In Idaho, an 1867 editorial in a Boise, Idaho newspaper stated:
“This would be our plan of establishing friendship on an eternal basis with our Indians: Let all the hostile bands of Idaho Territory be called in (they will not be caught in any other manner) to attend a grand treaty; plenty of blankets and nice little trinkets distributed among them; plenty of grub on hand; have a jolly time with them; then just before the big feast put strychnine in their meat and poison to death the last mother’s son of them.”
At this time, the Weiser Shoshone, a group of Sheepeater Northern Shoshone, were declared hostile by the Americans because of reports of alleged depredations. The Weiser Shoshone lived in an area about 100 miles north of Boise, near the present-day town of McCall. The army received order to-
“proceed to the Weiser river and destroy the band of hostile Indians now marauding on said river and in its vicinity.”
The army, however, found that the alleged depredations had not been committed by the Weiser Shoshone, but by other Indian groups who had crossed into the area to hunt.
The army discovered a camp which the Weiser Shoshone under the leadership of Eagle Eye had recently abandoned. They determined that it had been occupied by 75-80 people. In the camp, the army found footprints that measured` 17.5 inches long and this begins a “Bigfoot” legend. According to oral tradition, the Weiser Shoshone had created this legend by using huge stuffed moccasins to make the menacing footprints. We don’t know exactly why they made the footprints: it may have been that they wanted to terrorize the local non-Indians and troops by perpetuating evidence of huge Indians; or it may have been simply a joke; or there may have been some other reason. Whatever their reason, however, the story of a giant Shoshone warrior soon spread throughout the region.
In 1868, the American army captured 41 Weiser Shoshone, including Chief Eagle Eye. While the band had been accused of raiding American settlers, the army found no evidence of plunder among their belongings. They did, however, find a pair of moccasins which were over 16 inches long and which were stuffed with rags and fur.
Eagle Eye was interrogated by the military and the territorial governor about his people’s attitude toward the Americans. The band was then released and they returned to the mountains. Those who talked with Eagle Eye were convinced that his intentions toward the Americans were friendly and that he did not want conflict.
In 1869, a group of Americans visited the Weiser Shoshone camp of Chief Eagle Eye. For over two hours the visitors sat and smoked a peace pipe with the Shoshone. There was no conversation and when the visitors reached the point when they could no longer stand the silence-Indians are more comfortable with silence than are non-Indians-they opened a dialogue. Eagle Eye told the Americans that his people were friendly and that they had no objection to having Americans live in their valley as long as they did not interfere with the Shoshone fishing rights. Eagle Eye also made it clear that they had no intention of being relocated to the Fort Hall Reservation. When the Americans returned to Boise, they reported that the Weiser Shoshone numbered about 70 and that they were well supplied with guns and horses.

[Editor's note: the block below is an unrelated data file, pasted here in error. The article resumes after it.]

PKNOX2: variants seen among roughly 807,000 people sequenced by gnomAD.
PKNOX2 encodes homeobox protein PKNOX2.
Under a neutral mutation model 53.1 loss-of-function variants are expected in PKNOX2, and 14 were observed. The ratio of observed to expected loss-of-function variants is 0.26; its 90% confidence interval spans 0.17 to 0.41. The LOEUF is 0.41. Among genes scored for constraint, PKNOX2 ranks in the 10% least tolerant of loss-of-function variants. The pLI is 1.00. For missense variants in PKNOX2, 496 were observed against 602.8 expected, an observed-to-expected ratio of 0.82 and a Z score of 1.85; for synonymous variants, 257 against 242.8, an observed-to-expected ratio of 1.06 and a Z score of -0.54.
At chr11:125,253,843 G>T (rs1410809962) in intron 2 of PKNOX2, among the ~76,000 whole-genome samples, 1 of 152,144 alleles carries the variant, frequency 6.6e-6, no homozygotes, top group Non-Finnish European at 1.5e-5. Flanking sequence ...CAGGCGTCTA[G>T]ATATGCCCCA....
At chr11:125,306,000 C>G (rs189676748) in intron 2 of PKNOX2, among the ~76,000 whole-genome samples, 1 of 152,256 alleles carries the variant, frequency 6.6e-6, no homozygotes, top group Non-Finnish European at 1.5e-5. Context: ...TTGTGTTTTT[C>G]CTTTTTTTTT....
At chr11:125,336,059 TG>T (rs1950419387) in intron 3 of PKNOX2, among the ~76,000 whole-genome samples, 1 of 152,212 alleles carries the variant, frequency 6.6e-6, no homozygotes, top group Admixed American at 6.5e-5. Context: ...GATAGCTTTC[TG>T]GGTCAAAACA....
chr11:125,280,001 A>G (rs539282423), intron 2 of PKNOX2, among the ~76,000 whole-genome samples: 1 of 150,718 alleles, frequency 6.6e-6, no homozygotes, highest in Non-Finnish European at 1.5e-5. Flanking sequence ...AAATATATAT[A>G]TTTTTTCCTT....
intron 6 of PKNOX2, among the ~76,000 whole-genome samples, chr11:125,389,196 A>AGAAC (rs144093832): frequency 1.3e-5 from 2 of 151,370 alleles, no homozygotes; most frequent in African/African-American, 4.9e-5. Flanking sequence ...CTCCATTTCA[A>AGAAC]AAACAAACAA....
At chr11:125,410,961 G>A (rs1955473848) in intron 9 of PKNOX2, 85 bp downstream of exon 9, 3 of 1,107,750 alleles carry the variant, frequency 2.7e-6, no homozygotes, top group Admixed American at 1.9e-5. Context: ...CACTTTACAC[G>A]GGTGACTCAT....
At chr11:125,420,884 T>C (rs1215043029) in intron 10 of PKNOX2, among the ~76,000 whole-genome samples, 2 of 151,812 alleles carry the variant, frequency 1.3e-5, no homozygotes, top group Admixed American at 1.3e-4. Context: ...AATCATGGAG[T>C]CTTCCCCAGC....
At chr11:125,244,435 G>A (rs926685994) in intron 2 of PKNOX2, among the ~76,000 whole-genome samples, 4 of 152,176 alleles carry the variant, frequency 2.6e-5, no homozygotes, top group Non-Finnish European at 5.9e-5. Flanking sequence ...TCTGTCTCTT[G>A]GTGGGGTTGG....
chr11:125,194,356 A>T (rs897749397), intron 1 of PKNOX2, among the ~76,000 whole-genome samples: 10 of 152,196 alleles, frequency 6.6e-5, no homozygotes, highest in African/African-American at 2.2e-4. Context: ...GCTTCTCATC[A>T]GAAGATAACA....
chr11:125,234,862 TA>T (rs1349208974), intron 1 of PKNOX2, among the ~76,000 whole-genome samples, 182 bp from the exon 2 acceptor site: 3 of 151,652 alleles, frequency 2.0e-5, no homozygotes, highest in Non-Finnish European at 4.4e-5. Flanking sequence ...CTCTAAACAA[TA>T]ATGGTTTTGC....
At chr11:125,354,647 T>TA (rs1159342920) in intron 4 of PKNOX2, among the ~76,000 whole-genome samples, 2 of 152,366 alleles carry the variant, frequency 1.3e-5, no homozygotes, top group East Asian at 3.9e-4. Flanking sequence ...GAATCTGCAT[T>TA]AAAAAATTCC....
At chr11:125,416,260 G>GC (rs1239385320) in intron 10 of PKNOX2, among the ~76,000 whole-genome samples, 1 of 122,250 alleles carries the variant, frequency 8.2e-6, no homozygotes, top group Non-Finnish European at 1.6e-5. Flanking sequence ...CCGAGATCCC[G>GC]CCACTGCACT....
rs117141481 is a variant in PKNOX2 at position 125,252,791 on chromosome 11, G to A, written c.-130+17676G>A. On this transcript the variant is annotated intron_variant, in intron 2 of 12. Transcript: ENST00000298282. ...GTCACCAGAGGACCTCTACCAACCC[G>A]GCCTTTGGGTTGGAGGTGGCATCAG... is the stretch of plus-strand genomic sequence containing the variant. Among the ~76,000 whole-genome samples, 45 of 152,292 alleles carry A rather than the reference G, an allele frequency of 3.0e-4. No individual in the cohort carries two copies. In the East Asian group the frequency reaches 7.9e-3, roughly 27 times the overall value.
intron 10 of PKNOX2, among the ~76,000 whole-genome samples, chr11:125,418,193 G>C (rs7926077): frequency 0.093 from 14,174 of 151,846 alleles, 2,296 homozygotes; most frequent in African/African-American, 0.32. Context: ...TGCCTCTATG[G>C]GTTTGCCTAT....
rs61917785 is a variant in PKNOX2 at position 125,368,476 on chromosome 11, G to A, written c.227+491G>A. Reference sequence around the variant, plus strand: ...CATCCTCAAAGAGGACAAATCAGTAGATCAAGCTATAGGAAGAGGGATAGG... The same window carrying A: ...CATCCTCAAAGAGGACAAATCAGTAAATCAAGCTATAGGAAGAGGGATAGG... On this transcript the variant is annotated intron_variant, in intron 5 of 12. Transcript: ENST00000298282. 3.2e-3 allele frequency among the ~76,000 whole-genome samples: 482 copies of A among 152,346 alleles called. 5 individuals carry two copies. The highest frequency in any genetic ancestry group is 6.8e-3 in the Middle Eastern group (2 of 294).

For the next five years, the Weiser Shoshone lived in peace in their homeland. However, in 1874 the American government ordered the Weiser Shoshone under the leadership of Chief Eagle Eye to report to the Fort Hall Reservation. Eagle Eye refused this demand and ignored the order.
Two years later, the Commissioner of Indian Affairs was urged by powerful non-Indians in Idaho to have the Weiser Shoshone removed to the Fort Hall Reservation. They urged that troops be dispatched to force the peaceful Shoshone to relocate. The following year, Eagle Eye’s band of Shoshone were removed from their homelands in Idaho and forced to relocate to the Malheur Reservation in Oregon.
The Weiser Shoshone did not like their new life and in 1878 they left the Malheur Reservation in Oregon and returned to their home in Idaho. They found, however, that American settlers had already taken over their old meeting grounds in the Council Valley and that there was no longer a place for them in their old homeland.
At this time, the United States was involved with a war against the Bannock and many people had assumed that Eagle Eye and his people had joined with the Bannock. The Boise newspapers reported that Eagle Eye, the chief of the Weiser Shoshone, was surely killed at Birch Creek in the battle with the Umatilla. In fact, Eagle Eye was still very much alive and had not been involved in the fight with the Umatilla. Eagle Eye and his extended family were in the mountains where they spent much of the winter.
For nearly two decades Eagle Eye and his people continued to live quietly out of the way of the non-Indian invaders, hunting, fishing, and gathering in the old way and working occasionally for wages. For the most part, non-Indians believed that Eagle Eye was dead and thus felt that the Weiser Shoshone no longer existed.
In 1896, Eagle Eye, the leader of the Weiser Shoshone, died. His people gathered together and carried the body of the old chief to the top of Timber Butte. They laid him to rest overlooking the valleys and mountains of the homelands of the Weiser Shoshone. His people continued to live deep in the mountains, out of sight of the non-Indians, until well into the twentieth century. Some eventually moved to the Lemhi Reservation and then to the Fort Hall Reservation.